How to Buy a Car in an LLC

Can you use your car
as a business expense? That’s today’s show. Let’s dive into it. Hey everyone, I’m
Clayton Morris. I’m Natalie Morris. And welcome to the Investing
in Real Estate show. This is the show where
we try to help you build financial intelligence. We use buy and hold real
estate as our vehicle to passive income and
monthly cash flow. But there’s so many different
ways to build cash flow. There’s so many different ways
to lower your taxable base, I guess you could say. And we talk about all of
those different strategies here on the show. And one thing that we
talk about regularly is setting up a business,
right, setting up your LLC, becoming smarter by
incorporating your family. And then there’s so many
expenses as it relates to that. So I want to read a
question, because we got one from a viewer. Jeff Shelton wrote us. He said, “Hi, Clayton. I’d like to submit a
request for your podcast to cover the issue
of a company car and if it’s beneficial
to have a lease or purchase, to pay
monthly or pay it off, and how to write off the
expense for such a car.” Jeff, great question. I’m going to hand
it over to Natalie. And going to go take
a cigarette break. No, you’re not. OK. You’re going to stay right here. OK, so the reason that he says
he’s going to hand it over to Natalie is because I’m the
one who tries to figure out, in our life, can we
legitimately funnel this expense through our business? Now why do we want to do that? Let’s back up just
a tiny, tiny bit. Now obviously, if you own an
LLC inside of your family, right– there’s some kind of
business that operates out of your family– whether you
sell masquerade masks on Etsy, or you own real
estate, right, there is a spectrum of
what you could be doing to make money
inside of your house as a legitimate business. And then what we
do in our house is try to make sure that
what we need in our lives, we can legitimately pay out
of the business expense. So we like to have cell phones. We pay that as a
business expense. That means that
that expense is paid for with pre-tax dollars instead
of post-tax dollars, right? Right. So we do that as much
as we possibly can. We have entire episodes on that. Hopefully this is an
agreed upon value. So now we can talk
about that’s obviously why you want to have a car
as a business expense, right? Right, and I get excited
about this stuff. And by the way, I don’t smoke. But I might start,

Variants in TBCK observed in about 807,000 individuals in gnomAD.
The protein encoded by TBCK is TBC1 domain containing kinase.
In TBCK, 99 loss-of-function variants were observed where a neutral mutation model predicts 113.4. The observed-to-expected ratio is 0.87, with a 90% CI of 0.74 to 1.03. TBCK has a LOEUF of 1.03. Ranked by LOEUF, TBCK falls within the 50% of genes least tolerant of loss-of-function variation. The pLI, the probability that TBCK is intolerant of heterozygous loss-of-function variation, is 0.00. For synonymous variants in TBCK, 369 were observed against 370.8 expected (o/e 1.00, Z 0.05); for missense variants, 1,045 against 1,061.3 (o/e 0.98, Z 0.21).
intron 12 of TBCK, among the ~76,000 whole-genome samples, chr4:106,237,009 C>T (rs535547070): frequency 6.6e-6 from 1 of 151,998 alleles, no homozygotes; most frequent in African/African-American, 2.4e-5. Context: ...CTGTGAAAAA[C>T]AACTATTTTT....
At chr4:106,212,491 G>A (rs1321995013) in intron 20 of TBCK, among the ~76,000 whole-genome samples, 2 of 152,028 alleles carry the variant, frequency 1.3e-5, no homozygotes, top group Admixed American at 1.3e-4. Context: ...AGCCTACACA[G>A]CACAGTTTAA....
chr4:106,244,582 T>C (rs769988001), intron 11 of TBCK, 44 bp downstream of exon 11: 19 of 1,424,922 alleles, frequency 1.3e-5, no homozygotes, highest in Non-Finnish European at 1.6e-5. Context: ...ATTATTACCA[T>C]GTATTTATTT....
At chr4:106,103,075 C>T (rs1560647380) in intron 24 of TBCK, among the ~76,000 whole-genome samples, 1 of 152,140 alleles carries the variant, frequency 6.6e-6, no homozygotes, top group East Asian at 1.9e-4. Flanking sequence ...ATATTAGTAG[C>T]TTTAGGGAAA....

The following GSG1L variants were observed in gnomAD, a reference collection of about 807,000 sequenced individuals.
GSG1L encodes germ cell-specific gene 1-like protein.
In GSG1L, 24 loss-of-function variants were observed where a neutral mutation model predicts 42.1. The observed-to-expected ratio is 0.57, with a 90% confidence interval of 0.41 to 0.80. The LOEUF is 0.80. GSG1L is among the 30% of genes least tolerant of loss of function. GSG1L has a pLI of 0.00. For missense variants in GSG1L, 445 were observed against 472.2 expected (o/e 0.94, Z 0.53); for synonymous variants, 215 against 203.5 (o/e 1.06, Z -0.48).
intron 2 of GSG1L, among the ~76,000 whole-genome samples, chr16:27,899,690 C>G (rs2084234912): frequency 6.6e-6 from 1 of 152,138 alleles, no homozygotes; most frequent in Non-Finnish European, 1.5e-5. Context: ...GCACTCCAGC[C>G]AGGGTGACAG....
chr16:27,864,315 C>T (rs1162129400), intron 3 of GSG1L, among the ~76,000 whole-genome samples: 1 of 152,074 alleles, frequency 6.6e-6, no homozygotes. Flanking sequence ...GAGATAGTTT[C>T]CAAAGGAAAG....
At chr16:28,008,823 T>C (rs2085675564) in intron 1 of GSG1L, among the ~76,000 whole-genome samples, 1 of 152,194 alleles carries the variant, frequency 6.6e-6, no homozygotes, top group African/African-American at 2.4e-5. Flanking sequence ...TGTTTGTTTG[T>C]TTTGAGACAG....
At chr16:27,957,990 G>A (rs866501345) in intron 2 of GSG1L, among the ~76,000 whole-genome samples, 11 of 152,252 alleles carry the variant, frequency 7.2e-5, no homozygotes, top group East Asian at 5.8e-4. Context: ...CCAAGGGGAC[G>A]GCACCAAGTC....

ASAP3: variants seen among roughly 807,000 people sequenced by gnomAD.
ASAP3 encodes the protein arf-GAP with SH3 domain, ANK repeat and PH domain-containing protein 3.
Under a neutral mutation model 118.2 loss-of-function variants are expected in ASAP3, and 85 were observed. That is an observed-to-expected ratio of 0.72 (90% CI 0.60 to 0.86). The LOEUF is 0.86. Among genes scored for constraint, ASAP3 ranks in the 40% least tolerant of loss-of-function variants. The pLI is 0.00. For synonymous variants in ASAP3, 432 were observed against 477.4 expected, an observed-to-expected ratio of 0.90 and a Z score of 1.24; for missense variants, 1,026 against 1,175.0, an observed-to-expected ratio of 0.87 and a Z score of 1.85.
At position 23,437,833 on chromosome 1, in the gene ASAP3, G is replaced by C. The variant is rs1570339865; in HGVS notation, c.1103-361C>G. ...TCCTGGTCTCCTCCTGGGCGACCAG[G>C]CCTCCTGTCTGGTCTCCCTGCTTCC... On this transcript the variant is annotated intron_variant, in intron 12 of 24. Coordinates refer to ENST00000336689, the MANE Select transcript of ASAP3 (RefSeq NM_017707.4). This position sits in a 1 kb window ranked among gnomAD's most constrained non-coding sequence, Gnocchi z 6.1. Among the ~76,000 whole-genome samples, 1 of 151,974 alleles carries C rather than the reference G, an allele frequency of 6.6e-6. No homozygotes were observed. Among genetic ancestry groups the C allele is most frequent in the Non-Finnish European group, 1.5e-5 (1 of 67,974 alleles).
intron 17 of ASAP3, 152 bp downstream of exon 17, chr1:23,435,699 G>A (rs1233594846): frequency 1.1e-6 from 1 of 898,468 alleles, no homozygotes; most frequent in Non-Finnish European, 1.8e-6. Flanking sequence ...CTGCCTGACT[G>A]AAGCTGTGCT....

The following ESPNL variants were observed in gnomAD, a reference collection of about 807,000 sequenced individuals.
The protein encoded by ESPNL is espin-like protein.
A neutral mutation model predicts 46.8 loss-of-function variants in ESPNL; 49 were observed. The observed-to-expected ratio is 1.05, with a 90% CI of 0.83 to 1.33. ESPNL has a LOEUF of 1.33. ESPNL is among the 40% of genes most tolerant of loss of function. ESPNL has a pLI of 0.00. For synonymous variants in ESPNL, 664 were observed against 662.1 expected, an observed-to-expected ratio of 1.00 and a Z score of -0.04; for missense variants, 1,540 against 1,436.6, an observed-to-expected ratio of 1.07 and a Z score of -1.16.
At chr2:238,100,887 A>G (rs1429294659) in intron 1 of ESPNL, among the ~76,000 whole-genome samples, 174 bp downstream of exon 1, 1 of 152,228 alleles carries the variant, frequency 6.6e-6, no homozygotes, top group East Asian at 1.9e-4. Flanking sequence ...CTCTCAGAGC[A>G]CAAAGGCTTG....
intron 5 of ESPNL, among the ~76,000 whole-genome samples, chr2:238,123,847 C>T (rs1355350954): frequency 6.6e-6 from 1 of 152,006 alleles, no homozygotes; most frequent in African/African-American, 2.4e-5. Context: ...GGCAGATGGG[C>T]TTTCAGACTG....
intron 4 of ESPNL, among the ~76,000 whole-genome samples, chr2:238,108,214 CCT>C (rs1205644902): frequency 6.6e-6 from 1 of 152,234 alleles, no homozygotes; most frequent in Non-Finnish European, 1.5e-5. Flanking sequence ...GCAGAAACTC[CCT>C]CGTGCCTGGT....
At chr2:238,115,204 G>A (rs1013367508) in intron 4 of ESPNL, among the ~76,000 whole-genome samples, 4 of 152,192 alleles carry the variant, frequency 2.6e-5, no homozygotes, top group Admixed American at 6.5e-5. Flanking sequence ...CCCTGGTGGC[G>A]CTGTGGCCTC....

because it’s tax time. And you get a little
stressed during that time. But I get excited about these
different expenses that we can write off, whether it’s
your printer in your office, or the computer that you’re
buying for your business, or it’s things that you
might not even think about. Maybe it’s your internet access,
or your newspaper subscription. Right. Because maybe you’re
a blogger, and you write about current
events like we do. We talk about, hey, Amazon
just built this plant, and it’s going to
affect real estate. So if you have a Wall
Street Journal subscription, those things are a
write-off for your business. Because as an
individual, right, if I get paid as Natalie
Morris the lady, and I report those dollars on
my own personal social security number, then I’m going to
get taxed on the total amount of what I’ve been paid. So I make $1,000, I
get taxed on $1,000. But Natalie Morris the LLC,
if that company makes $1,000 but I had $500 in
expenses, well, now I’m only taxed on $500. The expenses lower
your tax rate, right? So you want to make sure those
expenses– you don’t just buy things to lower your tax rate. That is not the way you do it. That frustrates accountants. Like, you get people calling
up, can I buy a computer at the end of the year? Can I do all this stuff? No, no, no, no. But instead, you buy things
that you would want anyway with pre-tax dollars, right? So another– so here’s a funny
little personal share is that I like to have my hair blown out– Yes, she does. –pretty regularly, because
I don’t like to do it myself, and because it’s amazing. I have to hear about her
hair on a regular basis. Yes. She’s like, oh, my hair today– And so obviously, we make
money by podcasting to you. That’s one of our
revenue streams. So before we do these shows,
I go and get a blowout. Now those blowouts last
me several days, right? But I do do it for the show. That is a pre-tax expense. It is allowed. I don’t even know how
that’s possible, number one, that your– a hair
cut or blowout could last multiple days. Because I never wash my hair. So when I wake up
in the morning, my hair looks like a rat’s nest. So if I got it done the day
before, I would wake up, it would be an absolute mess. I’d have to shower and
get it taken care of. We’re totally
off-topic of a car. OK, the point is that my
hair looks nice like this– The bottom line– –because I used
pre-tax dollars. Right, the bottom line
is you can get things that are for your business. If you have to do a photo